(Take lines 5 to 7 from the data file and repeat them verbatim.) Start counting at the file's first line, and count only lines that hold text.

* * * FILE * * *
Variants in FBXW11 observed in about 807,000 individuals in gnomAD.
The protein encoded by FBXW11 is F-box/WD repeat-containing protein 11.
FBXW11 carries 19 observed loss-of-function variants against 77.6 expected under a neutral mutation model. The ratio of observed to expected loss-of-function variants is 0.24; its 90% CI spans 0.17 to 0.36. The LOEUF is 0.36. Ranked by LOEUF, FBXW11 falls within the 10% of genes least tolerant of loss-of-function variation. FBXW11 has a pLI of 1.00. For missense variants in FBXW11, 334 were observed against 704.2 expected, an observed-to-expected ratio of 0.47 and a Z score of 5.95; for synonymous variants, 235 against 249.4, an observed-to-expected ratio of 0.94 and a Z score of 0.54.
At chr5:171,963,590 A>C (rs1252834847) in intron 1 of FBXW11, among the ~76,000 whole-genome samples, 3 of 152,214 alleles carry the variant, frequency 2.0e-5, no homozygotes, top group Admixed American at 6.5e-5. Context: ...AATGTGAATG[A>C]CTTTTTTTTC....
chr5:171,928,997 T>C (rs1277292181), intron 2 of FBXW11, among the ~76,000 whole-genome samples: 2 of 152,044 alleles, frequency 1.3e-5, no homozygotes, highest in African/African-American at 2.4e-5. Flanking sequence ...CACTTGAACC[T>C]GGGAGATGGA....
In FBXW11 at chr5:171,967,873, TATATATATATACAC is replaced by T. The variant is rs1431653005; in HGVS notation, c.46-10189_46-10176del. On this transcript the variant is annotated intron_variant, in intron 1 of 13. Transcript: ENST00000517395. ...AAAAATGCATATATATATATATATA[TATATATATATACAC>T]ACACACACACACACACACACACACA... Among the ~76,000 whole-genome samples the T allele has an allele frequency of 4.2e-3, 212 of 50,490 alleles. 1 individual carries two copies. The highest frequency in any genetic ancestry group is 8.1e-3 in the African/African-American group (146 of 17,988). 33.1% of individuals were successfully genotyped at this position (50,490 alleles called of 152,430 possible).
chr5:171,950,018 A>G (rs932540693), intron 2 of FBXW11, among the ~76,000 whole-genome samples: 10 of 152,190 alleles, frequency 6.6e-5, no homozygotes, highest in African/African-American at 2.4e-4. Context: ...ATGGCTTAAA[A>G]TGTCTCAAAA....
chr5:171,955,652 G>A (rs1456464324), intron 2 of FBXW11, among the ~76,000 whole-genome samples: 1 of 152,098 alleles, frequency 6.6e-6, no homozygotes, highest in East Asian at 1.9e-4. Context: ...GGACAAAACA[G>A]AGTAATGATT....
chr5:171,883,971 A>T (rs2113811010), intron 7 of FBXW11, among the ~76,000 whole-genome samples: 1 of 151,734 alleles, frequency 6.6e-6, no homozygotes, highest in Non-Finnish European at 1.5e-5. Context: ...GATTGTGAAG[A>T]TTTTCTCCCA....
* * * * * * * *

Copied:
chr5:171,928,997 T>C (rs1277292181), intron 2 of FBXW11, among the ~76,000 whole-genome samples: 2 of 152,044 alleles, frequency 1.3e-5, no homozygotes, highest in African/African-American at 2.4e-5. Flanking sequence ...CACTTGAACC[T>C]GGGAGATGGA....
In FBXW11 at chr5:171,967,873, TATATATATATACAC is replaced by T. The variant is rs1431653005; in HGVS notation, c.46-10189_46-10176del. On this transcript the variant is annotated intron_variant, in intron 1 of 13. Transcript: ENST00000517395. ...AAAAATGCATATATATATATATATA[TATATATATATACAC>T]ACACACACACACACACACACACACA... Among the ~76,000 whole-genome samples the T allele has an allele frequency of 4.2e-3, 212 of 50,490 alleles. 1 individual carries two copies. The highest frequency in any genetic ancestry group is 8.1e-3 in the African/African-American group (146 of 17,988). 33.1% of individuals were successfully genotyped at this position (50,490 alleles called of 152,430 possible).
chr5:171,950,018 A>G (rs932540693), intron 2 of FBXW11, among the ~76,000 whole-genome samples: 10 of 152,190 alleles, frequency 6.6e-5, no homozygotes, highest in African/African-American at 2.4e-4. Context: ...ATGGCTTAAA[A>G]TGTCTCAAAA....